Total posts : 45366
“As an interesting aside, I have read about commercial AM transmitters that are capable of dynamically increasing power on positive peaks.”
I’ve been tinkering with the AM 100 circuit which you can find in the “PDF Reading Room” section of this board, and it does that if I understand the manual correctly.
Pages 7 and 8 of that pdf talk about modulation levels and the carrier control system and show what the o-scope readings would look like.
I don’t have a scope that does rf range, I use my computer and some software for an af scope, so I can’t say how accurate their depictions of the scope trace are. I *can* say I like the sound of it and it can get fairly loud without noticeable distortion and I haven’t been running it with compression (basically because i don’t like the sound of compression).
But if you want to tinker with the basic concept, that AM 100 circuit is pretty robust.
“There is theoretically no limit to the dynamic power increase. I wonder what the FCC would make of this?” >/cite>
I would *guess* that at least at some point they’d have a problem with it. Also there is a problem with driving the circuit hard to get more audio at fringe range.. It doesn’t sound as good close in if you do. So there would definitely be a tradeoff in using it as a scheme for getting more audio level in the fringe range, I think.
Mostly it probably boils down to the usual.. If a licensed station complains then they’d look very close. Even though running “300% modulation on the positive peaks” might be *technically* legal, it’d be a very easy to just tell you not to do it and tell the licensed station that they told you not to overmodulate and that’s that.
More interesting to me is that it is a good sounding alternative to compression or using a clipper other than a .6v diode “clamp” as a hard limiter in case of some accidentally/unexpectedly high transient or peak.
I can’t really say how it affects actual range in the field, since the project is still at the bench level here. And currently on hold until I rebuild my bipolar power supply which I managed to fry one of the regulators and a couple resistors of during an embarassingly brain-dead moment.
I haven’t done “real world” tests for range yet, and have just used a wire around 2 ft long and approximately vertical right off the circuit board, to emulate a fringe level signal at the other end of the house (maybe 50 ft) and the near range being about 10 ft away. No idea how it’ll do outdoors with a decent antenna and something resembling an actual ground. Still considering options for actual antenna and case for outdoor mounting.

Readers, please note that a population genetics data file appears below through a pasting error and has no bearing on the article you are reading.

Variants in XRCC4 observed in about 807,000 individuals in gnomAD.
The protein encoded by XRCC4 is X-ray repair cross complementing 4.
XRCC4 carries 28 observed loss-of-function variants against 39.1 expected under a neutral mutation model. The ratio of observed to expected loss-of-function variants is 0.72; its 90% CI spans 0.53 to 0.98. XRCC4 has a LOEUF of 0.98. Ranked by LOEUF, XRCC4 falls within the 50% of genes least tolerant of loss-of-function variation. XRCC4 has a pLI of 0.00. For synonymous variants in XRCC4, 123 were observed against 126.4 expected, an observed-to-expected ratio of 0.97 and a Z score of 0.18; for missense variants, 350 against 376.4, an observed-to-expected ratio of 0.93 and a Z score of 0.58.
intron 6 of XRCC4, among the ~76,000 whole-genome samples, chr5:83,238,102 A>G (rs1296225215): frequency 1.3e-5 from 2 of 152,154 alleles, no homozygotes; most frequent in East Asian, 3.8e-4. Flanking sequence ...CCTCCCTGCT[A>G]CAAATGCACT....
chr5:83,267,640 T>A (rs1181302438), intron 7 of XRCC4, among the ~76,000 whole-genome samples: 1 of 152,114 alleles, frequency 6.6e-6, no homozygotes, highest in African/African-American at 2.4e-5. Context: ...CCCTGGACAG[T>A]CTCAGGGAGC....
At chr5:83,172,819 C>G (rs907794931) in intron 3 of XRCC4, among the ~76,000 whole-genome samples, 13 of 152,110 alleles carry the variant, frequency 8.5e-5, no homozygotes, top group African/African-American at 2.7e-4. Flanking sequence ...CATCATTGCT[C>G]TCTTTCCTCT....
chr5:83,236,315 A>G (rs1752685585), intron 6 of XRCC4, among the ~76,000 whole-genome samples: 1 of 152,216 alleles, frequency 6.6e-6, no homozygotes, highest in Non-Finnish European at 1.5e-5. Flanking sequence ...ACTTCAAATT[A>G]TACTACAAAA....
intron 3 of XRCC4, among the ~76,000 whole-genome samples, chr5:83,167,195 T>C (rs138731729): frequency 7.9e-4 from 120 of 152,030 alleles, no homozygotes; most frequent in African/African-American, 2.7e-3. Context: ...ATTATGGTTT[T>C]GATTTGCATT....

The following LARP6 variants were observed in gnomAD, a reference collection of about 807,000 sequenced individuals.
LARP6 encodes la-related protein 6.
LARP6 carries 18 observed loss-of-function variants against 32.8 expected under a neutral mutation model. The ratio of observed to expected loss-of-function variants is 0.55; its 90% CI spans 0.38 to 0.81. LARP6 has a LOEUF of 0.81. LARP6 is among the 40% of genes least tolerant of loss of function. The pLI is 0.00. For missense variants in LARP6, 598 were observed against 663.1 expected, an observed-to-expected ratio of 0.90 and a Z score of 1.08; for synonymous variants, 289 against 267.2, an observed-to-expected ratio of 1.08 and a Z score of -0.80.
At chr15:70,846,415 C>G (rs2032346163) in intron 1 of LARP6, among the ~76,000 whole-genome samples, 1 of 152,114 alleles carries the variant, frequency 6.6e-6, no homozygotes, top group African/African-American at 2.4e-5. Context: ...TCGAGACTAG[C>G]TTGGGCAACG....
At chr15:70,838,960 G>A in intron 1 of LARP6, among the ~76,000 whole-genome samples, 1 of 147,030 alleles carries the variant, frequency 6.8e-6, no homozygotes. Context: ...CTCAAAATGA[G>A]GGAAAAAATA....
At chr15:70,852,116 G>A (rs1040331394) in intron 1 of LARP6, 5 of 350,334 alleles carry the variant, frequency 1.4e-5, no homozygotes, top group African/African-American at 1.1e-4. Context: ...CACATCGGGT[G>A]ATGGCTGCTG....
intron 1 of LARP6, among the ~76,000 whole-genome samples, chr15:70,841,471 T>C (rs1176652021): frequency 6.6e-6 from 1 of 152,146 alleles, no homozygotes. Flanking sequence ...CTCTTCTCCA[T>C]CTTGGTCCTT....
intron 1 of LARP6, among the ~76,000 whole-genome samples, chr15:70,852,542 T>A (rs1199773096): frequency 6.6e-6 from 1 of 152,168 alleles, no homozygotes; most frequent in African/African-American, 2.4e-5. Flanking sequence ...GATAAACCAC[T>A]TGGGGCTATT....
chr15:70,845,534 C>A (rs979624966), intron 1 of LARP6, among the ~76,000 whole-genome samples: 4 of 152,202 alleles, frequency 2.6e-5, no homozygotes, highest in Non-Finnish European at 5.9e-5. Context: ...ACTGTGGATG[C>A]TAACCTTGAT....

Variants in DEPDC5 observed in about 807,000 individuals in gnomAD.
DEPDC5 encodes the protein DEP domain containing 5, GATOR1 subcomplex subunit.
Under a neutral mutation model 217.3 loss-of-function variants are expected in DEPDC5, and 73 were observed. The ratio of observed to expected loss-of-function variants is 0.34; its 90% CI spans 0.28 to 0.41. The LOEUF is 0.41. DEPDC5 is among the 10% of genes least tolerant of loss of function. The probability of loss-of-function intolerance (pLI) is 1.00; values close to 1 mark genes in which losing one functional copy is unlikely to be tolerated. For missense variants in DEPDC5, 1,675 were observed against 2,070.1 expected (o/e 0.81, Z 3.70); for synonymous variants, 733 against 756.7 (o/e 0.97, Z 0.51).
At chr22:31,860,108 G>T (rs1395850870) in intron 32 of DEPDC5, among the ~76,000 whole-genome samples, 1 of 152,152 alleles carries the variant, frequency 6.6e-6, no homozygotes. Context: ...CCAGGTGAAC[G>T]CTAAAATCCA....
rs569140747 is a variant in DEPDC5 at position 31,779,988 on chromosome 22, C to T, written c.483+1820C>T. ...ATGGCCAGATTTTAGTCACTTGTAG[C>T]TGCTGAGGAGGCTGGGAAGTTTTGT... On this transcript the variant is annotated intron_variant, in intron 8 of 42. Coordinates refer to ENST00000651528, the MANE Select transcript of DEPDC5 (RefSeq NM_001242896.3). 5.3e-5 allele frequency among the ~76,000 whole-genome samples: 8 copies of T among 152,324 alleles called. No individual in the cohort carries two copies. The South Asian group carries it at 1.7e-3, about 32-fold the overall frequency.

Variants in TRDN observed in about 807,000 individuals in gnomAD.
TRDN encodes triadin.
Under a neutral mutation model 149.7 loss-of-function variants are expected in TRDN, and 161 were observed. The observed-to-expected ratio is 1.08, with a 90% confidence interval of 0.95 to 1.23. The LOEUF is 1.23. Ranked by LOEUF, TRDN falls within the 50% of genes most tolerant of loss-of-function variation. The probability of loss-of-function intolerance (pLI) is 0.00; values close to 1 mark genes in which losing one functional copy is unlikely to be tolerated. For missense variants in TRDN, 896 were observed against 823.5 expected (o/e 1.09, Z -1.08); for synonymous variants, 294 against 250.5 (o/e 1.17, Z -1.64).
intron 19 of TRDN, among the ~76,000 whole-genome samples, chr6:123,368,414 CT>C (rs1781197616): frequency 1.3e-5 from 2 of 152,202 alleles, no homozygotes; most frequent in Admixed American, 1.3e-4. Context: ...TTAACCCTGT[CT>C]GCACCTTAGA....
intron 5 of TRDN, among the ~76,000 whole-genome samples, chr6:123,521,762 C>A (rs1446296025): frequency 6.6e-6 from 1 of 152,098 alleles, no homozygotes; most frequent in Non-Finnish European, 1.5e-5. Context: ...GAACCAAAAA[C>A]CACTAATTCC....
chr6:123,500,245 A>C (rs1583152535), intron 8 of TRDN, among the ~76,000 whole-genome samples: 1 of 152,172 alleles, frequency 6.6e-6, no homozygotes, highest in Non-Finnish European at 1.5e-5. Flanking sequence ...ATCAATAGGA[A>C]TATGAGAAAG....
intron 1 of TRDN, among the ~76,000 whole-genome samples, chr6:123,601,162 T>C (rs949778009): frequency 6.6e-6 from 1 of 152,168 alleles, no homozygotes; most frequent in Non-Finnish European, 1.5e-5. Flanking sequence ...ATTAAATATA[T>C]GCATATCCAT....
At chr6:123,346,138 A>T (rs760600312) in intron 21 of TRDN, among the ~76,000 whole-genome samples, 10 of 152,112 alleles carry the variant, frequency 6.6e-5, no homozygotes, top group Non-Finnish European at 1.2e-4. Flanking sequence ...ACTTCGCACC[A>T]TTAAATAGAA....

But what I saw when I was tinkering with it seems to indicate that pushing the “over 100% positive peak” concept too far has an adverse effect on the audio quality to a nearby receiver, though it does improve the legibility more to the fringes. So I’d say it’s possibly a tradeoff and while there theoretically might not be a legal limit, there would be practical limits so far as actually putting out a good sounding signal. Yeah, it’d be physically possible to use a circuit similar to this to do 400% or 800% or whatever, but it might result in actually not sounding good for anybody *except* a fringe listener, and pushed enough, it might not even sound good on the fringe. When Keith designed his Rangemaster, I doubt he went for the possible 125% because he couldn’t think of ways to get it any higher. Keith is a highly inventive individual and I’m sure he could think of ways to push it way past that. I’m guessing 125% was what he found to be a good compromise between getting better audio at the fringe *and* sounding good near.
Listeners expect stations they’re listening to will sound good through the whole range they can receive it and will most likely tune to another station if it starts sounding crappy, and wouldn’t care much about the technical reasons why it didn’t sound good.
Back to the FCC aspect, I think I recall reading somewhere that (as you said) it’s fairly standard practice but not when done to excess and that they particularly frown on it being used to make ads considerably louder than the usual program material. I think if it was routinely being used to *drastically* increase part15 ranges, they’d draft a new rule forbidding it or simply tell stations they can’t do it. Part15 operation is permitted so long as it doesn’t violate the rules, but at least as I understand it, we are not by any means *guaranteed* operation even if we stick to the rules if it causes any problems. If licensed stations complained because a theoretically legal (at unmodulated carrier power) part15 is getting enough solid range that the licensed station doesn’t like it, I expect that in most cases the part15 station would simply be told not to do it.
Some tradeoff between sound quality and range is acceptable of course, but if all we wanted was to get maximum range.. a CW signal and using principles like the people doing LW beacons do could give great range. But who’d want to listen?